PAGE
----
As Florent and I drive up the unpaved road, high jazz notes gurgle in the hot dry air. Duncan is playing the saxophone in his open-air bedroom. And I think that their house, the once-crumbling bergerie ("It had only one room with a roof, and we all slept there," Florent recalls) is like a jazz improvisation, with whimsical nooks and crannies spinning off a main theme. Though it's only a short drive from La Fargo, the rambling stone house and the isolated valley it overlooks seem a more primitive world, one of weird, Jurassic-sized succulents and gnarly trees, its air heavy with herbs. A windmill towering over the property (which, along with the solar panels on the roof, is the family's only power supply) creaks like a giant cicada.
Christophe and Dominique's 26-year-old daughter, Rachel, an art restorer who lives in Tuscany, is setting a table in the garden. We sit down to a long, lazy lunch, with a huge salad, cheeses and meats, cherries from their trees, and endless glasses of chilled Corbières rosé. Languidly we discuss the different meanings of words in French and English. For dessert, Dominique has baked a chocolate cake, and Jérôme, a friend from Paris, has brought an oreillette, a Corbières specialty: an airy crêpe deep-fried in sunflower oil and sprinkled with sugar.
I move to a hammock under the trees. Florent, a dedicated sun worshiper, takes off his shirt and stretches out on a stone wall. Duncan asks his sister to give him a haircut, which, we all agree, he desperately needs. He drags a chair into the sun and ties a towel around his neck, and she starts snipping away.
I close my eyes and drift off. When I open them, I'm alone. I hear distant splashing and laughter. Following a narrow goat path down the hill, I come to a place where the stream tumbles over rocks into a wide swimming hole. Jérôme sits in the shade, smoking and reading. Rachel is building a miniature raft, lashing twigs together with grass. Constructing a sail of rosemary branches, she launches the craft over the waterfall, only to have it catch in some rocks. She hikes her summer dress up to her sun-browned thighs, wades in, and huffs and puffs at the rosemary sail until the raft breaks free and is carried away by the current. I lie back on a flat, sun-warmed rock and nap again. And I dream of the garrigue.
the facts The Corbières
The weather in the Corbières is Mediterranean, similar to that of Provence. Summers are hot and dry. The tourist season doesn't start until late May; most inns and restaurants are closed for the winter (typically November through April).
Flying into Toulouse (two hours away by car) or Montpellier (1 1/2 hours) is the most convenient route to the Corbières; Barcelona (3 hours) and Carcassonne (30 minutes) are also options.
La Fargo St.-Pierre-des-Champs; 33-4/68-43-12-78, fax 33-4/68-43-29-20; www.chez.com/lafargo; doubles from $48; dinner for two $40. Christophe and Dominique Morellet's old Catalan forge, south of Lagrasse, has six rooms with Balinese furnishings, an orchard, and a popular, elegant restaurant with a terrace.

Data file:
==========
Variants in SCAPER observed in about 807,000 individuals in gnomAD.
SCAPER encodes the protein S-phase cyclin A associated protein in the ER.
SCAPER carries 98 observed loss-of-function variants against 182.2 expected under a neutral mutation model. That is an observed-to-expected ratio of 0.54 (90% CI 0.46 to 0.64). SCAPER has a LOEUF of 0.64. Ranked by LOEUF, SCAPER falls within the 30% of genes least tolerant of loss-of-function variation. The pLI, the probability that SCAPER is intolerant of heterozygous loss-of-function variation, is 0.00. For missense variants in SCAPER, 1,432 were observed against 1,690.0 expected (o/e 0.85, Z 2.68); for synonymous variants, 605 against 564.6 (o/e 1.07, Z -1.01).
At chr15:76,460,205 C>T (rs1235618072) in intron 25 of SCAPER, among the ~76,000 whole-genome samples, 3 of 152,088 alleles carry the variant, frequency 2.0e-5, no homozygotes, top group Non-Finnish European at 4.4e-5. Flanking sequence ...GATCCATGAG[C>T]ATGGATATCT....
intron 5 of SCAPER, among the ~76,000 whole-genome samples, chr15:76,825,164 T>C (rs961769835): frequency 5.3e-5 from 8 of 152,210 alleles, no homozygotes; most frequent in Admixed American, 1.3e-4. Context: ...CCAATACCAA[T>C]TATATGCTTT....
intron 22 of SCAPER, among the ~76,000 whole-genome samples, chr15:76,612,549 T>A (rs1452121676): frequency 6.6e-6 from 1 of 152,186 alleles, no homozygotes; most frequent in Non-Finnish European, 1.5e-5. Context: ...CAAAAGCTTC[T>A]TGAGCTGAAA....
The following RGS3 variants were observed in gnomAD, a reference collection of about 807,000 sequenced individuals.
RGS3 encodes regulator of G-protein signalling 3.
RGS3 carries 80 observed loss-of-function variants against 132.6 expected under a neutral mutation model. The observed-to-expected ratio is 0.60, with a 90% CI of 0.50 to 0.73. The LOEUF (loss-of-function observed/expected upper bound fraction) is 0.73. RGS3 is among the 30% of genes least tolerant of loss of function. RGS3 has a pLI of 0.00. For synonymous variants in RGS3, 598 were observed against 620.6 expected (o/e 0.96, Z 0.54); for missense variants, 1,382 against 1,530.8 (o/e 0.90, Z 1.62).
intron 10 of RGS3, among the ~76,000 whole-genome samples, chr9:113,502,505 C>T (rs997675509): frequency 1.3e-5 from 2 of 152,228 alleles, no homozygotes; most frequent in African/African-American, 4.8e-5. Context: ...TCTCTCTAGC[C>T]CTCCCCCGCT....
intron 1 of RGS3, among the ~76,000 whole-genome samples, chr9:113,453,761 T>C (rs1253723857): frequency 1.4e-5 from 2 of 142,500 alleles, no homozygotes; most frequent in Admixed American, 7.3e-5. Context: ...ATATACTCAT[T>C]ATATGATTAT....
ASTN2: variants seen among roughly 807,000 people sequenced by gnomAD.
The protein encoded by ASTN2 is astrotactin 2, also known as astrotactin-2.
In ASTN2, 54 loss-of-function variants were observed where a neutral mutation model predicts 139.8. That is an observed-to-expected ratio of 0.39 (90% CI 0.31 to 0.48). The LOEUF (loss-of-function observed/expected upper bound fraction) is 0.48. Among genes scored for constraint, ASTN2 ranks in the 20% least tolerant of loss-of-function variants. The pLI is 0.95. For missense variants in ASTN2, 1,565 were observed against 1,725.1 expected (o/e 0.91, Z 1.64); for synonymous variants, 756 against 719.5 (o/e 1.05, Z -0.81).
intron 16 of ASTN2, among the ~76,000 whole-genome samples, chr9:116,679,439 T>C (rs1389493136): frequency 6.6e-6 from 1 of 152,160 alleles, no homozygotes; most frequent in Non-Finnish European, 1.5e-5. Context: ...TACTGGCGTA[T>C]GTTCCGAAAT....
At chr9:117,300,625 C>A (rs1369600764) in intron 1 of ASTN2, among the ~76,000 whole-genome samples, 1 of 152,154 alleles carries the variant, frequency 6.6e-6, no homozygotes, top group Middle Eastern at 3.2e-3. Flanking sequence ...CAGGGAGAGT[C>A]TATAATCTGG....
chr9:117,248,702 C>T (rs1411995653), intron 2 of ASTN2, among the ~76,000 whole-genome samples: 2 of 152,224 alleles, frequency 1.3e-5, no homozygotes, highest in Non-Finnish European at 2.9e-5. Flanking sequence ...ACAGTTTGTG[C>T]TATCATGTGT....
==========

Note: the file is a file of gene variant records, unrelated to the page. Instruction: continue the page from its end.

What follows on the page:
Domaine Grand Guilhem Chemin du Col de la Serre, Cascastel; 33-4/68-45-86-67, fax 33-4/68-45-29-58; www.thelin.net/gguilhem; doubles from $57. Four charming rooms in a 19th-century château (plus a cottage). The musician owners, both former Parisians, hold regular music and wine nights.
Lou Castelet 33 Place de la République, Fabrezan; 33-4/68-43-56-98; http://lou.castelet.free.fr; doubles from $61. A beautiful château with gardens on the edge of a lovely village northeast of Lagrasse. Rooms are spacious and elegantly furnished.
Domaine du Haut-Gléon Villesèque-des-Corbières; 33-4/68-48-85-95, fax 33-4/68-48-46-20; www.hautgleon.com; doubles from $59. A sprawling winery near Fontjoncouse whose former shepherds' and grape harvesters' quarters have been turned into chic guest rooms and vacation houses.
L'Auberge du Vieux Puits Fontjoncouse; 33-4/ 68-44-07-37; dinner for two $90. Chef Gilles Goujon's restaurant, possibly the finest in the Corbières, earned two Michelin stars last year, but he hasn't let it go to his head. The service is warm, the food sublime.
La Bergerie de Fontfroide Fontfroide; 33-4/68-41-86-06; lunch for two $26. A lovely courtyard bistro with outdoor tables, on the grounds of the Abbaye de Fontfroide, near Narbonne. Fresh, local ingredients are highlighted. Lunch only.
Most wineries and other producers of regional specialties welcome visitors but do not have regular hours, so call ahead. Wine maps are available in English from the Syndicat de l'A.O.C. Corbières (Maison des Terroirs en Corbières, Boutenac; 33-4/68-27-73-00; www.aoc-corbieres.com).
Château Prieuré Borde-Rouge Lagrasse; 33-4/68-43-12-55; www.borderouge.com. Alain Quenehen and Natacha Devillers coax luscious reds and whites out of the Corbières terroir.
Fromage de Brébis, Fermiers des Corbières 13 Ave. de la Matte, Villetritouls; 33-4/68-24-04-95. Chantal Donnet's fromagerie has a shop where you can buy her cheese and yogurt.
Moulin de Boysède Lagrasse; 33-4/68-43-10-10. Geneviève and Henri Jean Poudou welcome visitors and shoppers to their honey- cultivating operation. Call ahead.
Domaine Serres-Mazard Talairan; 33-4/68-44-02-22; firstname.lastname@example.org. Jean-Pierre Mazard pours oak-aged red, rosé, and white wines in his tasting room—cum— history museum near Lagrasse.
Château Les Palais St.-Laurent-de-la-Cabrerisse; 33-4/68-44-01-63; email@example.com. Seven generations of the de Volontat family have been making wine in this 12th-century former convent attached to the abbey at LaGrasse (the tasting room has served as both a chapel and a stable).